As persistency goes, one must give credit where it is due to the Vitamin imprint. Their rigorous schedule of releases assures the public that there will be, at bare minimum, one to two releases per month paying homage to a current pop icon or legendary rock figure. With this installment, the label looks to honor one of grunge's most revered albums, if not the most revered album of the era: Nirvana's Nevermind. Stripped of the brutal percussion work, the squelching fierce attack of Kurt Cobain's guitar mastery and his trademark screams, the quartet find and emphasize layer after layer within the simplicity of Cobain's melodies and song arrangements. While some songs don't transfer over well in the process, others work quite nicely. While most people can easily dismiss this as a novelty (and to a degree, it is), there are interesting aspects to this album that the die-hard Nirvana fan will find intriguing and enjoyable.
Celebrating the music of Tori Amos, the string quartet tribute Precious Things was an elegant and haunting reflection of an incendiary artist. Pieces follows that original release with more incredible interpretations of Tori's best-loved classics. Spurred by incredible feedback from her dedicated fans, talented musicians recorded another set of sparse, lyrical arrangements. Pieces is a meticulously-crafted album and classically-charged suite of music that every Tori Amos fan will want in their collection.
Vitamin's String Quartet Tribute to Iron Maiden draws primarily from the pioneering U.K. metal band's fertile early-'80s streak: Number of the Beast, Piece of Mind, and Powerslave. It starts strong with "Run to the Hills," "The Number of the Beast," and "Two Minutes to Midnight," all three of which feature stirring violins and crisp changes. The addition of light percussion to the normal lineup of violin, viola, and cello is also an interesting move. Later highlights include "The Trooper" as well as the Somewhere in Time favorite "Wasted Years." It would be impossible for the musicians here to fully replicate the power and rapid-fire playing of Iron Maiden. But they are able to climb into the grandeur and ambitious structure of these songs, and that's something in which Maiden fans are sure to be interested.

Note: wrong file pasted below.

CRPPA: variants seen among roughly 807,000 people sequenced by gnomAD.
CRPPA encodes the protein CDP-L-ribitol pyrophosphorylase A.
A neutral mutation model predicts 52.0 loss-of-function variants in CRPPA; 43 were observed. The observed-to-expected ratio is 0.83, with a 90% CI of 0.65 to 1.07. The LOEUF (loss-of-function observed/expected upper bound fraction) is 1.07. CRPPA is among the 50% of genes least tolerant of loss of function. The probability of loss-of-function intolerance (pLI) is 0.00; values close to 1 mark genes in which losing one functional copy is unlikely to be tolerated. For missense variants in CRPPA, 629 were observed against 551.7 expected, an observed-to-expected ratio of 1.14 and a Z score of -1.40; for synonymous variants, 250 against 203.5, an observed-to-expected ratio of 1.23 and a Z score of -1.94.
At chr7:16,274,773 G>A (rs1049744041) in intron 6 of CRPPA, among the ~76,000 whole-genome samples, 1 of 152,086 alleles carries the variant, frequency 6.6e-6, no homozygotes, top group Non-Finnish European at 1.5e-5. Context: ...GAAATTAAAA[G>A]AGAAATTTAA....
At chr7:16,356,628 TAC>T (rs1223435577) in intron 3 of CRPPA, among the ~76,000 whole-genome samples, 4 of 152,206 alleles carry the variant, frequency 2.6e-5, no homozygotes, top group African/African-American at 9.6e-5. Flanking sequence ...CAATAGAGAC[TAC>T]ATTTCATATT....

The String Quartet No. 1 in D major, Opus 11, was Pyotr Ilyich Tchaikovsky's first completed string quartet of three string quartets, published during his lifetime. (An earlier attempt had been abandoned after the first movement had been completed.) Composed in February 1871, it was premiered in Moscow on 16/28 March 1871 by four members of the Russian Musical Society: Ferdinand Laub and Ludvig Minkus, violins; Pryanishnikov, viola; and Wilhelm Fitzenhagen, cello.
The string quartets of Danish music's eccentric outsider Rued Langgaard (1893-1952) are passionate works of the composer's youth, representing both his nostalgically romantic side and his profoundly visionary modernity. For the first time on CD, this recording series presents all 9 quartets in the award-winning young Nightingale String Quartet's distinctly dramatic interpretation based on the revised Rued Langgaard Edition.
The peerless Takacs Quartet recently nominated for a Gramophone award for their second disc of Brahms's string quartets, continue their exploration of the Romantic chamber music tradition with this disc of Schumann. The Piano Quintet is by far Schumann's most popular chamber work and one of the most beloved works in the genre. Schumann was the first romantic composer to pair the piano with the string quartet. Schumann studied the string quartets of Beethoven, Mozart and Haydn and his quartet Op. 41 No. 3 demonstrates these influences. However, it contains many highly original strokes, particularly the casting of the scherzo as a set of variations. The Takacs Quartet are joined by Marc-Andre Hamelin in an invigorating partnership that has already been widely acclaimed on the concert platform.
Franck’s Piano Quintet and Debussy’s String Quartet make an apt and unusual coupling, each work its composer’s only, unsurpassable, contribution to the genre. Both receive authoritative performances from Marc-André Hamelin and the Takács Quartet.